“Put bluntly, you can’t have workable pay bargaining, without bargaining units.   You can’t have bargaining units without job grading.   You can’t have job grading without credible performance appraisal, and you can’t have performance management without effective organisational structure and manpower development.   And so on”.

Adrian du Plessis, an independent consultant, was the chief industrial relations negotiator for the Chamber of Mines and a senior negotiator for employer organisations, has contributed constructively to the debate over the ‘current’ public sector strike – Resolve strikes before they happen first appeared in the Business Day.

Here are some extracts from the article which needs to be read in full in Business Day by clicking on the heading.

Broader context

“An analysis of the public sector strike therefore needs to start with the broader context in which it takes place.

First , the conspicuous consumption of the socio-political elites must have inspired a sense of relative deprivation among employees, which, analysis shows, does frequently motivate industrial militancy.

Second , the perception of corruption, nepotism and patronage in public and private office will inevitably encourage claimants to favours, contracts, rentals and annuities to prosecute their claims while they can.   Third , the sense of entitlement apparent in our past and present does offer some justification to a few for taking or getting ‘something for nothing'”.

Performance structures and systems

“‘Good’ industrial relations are usually found in organisations where work and performance structures and systems are established, and supported by human resource interventions”.

Centralised bargaining not the solution

“First , the growing weight of opinion in industrial relations is that centralised bargaining has passed its sell-by date, particularly where it combines diverse sectors such as health, education, security and welfare.   It is difficult to conceive what all, or any, of these sectors have in common, from the perspective of both the employer and employee, and hard to imagine how a meaningful work and pay conversation might be structured”.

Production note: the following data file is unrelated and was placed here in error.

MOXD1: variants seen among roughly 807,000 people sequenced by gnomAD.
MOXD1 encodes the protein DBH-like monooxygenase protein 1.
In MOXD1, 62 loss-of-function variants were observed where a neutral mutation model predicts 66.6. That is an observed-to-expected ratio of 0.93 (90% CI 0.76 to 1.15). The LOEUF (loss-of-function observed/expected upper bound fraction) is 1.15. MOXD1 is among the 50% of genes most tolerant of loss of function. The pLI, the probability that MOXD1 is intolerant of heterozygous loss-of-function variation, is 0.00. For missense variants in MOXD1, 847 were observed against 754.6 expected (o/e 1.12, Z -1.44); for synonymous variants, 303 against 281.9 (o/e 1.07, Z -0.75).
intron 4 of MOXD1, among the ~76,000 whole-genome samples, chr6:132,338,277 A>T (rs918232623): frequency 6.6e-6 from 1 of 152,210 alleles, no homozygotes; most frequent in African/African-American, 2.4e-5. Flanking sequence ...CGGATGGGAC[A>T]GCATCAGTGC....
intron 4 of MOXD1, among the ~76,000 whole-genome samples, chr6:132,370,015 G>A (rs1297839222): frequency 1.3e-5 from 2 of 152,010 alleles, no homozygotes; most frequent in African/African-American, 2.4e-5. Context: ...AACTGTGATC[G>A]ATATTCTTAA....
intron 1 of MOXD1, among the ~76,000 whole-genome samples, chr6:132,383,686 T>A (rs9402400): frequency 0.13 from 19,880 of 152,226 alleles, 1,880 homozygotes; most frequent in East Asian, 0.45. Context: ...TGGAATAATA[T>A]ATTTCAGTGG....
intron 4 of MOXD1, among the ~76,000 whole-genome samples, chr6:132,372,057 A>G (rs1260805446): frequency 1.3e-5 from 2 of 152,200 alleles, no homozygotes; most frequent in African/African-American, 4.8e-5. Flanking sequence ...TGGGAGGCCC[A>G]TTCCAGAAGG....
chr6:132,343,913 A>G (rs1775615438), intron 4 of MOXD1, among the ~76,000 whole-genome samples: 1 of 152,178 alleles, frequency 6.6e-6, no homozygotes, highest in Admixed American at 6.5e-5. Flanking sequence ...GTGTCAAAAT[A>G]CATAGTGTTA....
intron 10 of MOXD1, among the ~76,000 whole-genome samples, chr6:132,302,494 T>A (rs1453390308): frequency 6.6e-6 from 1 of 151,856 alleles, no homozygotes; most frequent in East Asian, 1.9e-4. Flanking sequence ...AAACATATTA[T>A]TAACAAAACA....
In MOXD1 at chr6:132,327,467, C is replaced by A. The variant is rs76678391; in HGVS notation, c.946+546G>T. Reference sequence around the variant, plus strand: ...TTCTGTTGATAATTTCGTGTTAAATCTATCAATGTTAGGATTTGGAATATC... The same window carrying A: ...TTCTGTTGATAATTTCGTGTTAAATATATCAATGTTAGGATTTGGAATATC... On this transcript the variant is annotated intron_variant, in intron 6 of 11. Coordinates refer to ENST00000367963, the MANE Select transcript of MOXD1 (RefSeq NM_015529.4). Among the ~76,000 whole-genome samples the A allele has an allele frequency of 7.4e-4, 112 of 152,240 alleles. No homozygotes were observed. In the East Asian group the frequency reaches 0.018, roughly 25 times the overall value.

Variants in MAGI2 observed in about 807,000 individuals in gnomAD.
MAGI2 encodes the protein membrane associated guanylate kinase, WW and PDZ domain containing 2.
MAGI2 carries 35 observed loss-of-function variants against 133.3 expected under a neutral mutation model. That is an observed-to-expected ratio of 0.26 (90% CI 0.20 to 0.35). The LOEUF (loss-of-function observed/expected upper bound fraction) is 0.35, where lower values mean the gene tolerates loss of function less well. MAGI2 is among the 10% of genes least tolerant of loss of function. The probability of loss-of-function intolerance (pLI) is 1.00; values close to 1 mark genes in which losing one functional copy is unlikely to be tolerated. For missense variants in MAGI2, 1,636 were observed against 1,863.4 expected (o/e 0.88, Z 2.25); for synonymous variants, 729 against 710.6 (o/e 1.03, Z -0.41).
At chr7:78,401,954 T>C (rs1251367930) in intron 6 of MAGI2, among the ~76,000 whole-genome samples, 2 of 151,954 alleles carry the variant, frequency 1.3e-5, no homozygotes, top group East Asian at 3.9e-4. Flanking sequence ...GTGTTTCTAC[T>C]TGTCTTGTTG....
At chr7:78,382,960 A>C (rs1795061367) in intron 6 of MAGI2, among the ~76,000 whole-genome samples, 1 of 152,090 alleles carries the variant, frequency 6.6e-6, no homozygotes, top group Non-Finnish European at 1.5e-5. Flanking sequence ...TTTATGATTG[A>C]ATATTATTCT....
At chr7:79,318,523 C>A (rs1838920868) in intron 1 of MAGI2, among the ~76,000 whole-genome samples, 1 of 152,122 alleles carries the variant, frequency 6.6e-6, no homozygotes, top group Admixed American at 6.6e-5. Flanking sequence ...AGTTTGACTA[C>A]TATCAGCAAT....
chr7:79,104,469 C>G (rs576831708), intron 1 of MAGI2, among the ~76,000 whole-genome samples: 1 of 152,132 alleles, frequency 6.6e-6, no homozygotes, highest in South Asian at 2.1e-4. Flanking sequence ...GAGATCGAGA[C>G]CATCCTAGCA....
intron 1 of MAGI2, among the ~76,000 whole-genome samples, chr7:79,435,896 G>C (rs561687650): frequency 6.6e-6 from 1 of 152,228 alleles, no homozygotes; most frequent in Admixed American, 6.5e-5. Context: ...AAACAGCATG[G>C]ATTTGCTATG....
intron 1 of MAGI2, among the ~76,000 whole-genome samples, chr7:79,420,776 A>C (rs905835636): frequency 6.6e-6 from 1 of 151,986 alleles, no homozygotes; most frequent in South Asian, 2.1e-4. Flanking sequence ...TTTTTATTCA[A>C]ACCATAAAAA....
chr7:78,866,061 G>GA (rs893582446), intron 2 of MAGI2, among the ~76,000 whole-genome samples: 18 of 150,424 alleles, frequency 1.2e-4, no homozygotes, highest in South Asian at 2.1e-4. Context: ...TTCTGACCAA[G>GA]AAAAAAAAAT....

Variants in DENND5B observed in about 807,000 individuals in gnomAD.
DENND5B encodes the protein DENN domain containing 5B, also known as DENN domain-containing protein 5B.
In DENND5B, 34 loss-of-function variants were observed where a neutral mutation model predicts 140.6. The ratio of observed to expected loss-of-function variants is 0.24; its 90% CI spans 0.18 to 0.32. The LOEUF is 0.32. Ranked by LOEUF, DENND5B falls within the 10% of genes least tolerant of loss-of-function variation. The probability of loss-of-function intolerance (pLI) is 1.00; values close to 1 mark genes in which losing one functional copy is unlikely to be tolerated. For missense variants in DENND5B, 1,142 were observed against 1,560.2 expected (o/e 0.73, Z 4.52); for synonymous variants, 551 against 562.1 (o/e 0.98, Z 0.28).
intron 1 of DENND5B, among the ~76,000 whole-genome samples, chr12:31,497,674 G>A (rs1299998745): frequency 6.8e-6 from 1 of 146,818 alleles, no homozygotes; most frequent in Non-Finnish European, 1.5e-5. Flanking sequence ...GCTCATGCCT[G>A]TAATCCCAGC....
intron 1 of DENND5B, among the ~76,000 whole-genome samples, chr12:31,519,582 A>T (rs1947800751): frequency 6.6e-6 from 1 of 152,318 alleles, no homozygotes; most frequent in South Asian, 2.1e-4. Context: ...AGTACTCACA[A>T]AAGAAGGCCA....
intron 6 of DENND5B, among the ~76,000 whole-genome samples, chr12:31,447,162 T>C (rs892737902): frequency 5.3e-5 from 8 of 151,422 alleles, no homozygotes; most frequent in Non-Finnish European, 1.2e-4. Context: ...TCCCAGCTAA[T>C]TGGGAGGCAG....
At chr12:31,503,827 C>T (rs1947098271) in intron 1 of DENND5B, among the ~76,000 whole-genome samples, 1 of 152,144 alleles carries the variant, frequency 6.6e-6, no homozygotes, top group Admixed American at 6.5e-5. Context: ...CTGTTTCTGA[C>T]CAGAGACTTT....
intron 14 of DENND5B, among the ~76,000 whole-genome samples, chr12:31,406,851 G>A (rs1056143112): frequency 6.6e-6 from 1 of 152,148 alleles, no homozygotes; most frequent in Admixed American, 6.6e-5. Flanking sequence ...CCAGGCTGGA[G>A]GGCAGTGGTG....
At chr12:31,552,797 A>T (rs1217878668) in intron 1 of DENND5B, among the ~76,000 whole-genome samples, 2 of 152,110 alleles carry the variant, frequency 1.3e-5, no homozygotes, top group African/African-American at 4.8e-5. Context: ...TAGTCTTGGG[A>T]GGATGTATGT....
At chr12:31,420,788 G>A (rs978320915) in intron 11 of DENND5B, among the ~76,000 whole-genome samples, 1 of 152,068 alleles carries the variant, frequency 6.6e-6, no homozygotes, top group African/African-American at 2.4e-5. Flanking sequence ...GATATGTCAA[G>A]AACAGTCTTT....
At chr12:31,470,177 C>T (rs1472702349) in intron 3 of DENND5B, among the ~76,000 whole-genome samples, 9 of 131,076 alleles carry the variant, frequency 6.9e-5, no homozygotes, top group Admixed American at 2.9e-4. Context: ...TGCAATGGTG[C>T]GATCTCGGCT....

“The second thing about industrial relations is that negotiation, or collective bargaining, is a weapon of last resort”.

Build good industrial relations throughout the year

“The final point is that “good” industrial relations are hard won over time, and inevitably precede the conduct of the annual wage review.   Good industrial relations are forged every day, not once a year, at every level in the organisation, through information sharing, consultation, problem solving and joint decision making”.

“The unions need to be involved in this on a continuous basis.   Forums and processes need to be established, separate from the wage review, at all levels, but contiguous in the sense that the outcomes will constructively inform the wage bargaining process”.

“In effect, management and unions in the public sector need to develop a deep and wide set of relationships that forge a common interest around the huge challenges they face.   The consensus has to be strong enough to define not only the kinds of conflict they will face, and when, but also where the solutions will be found”.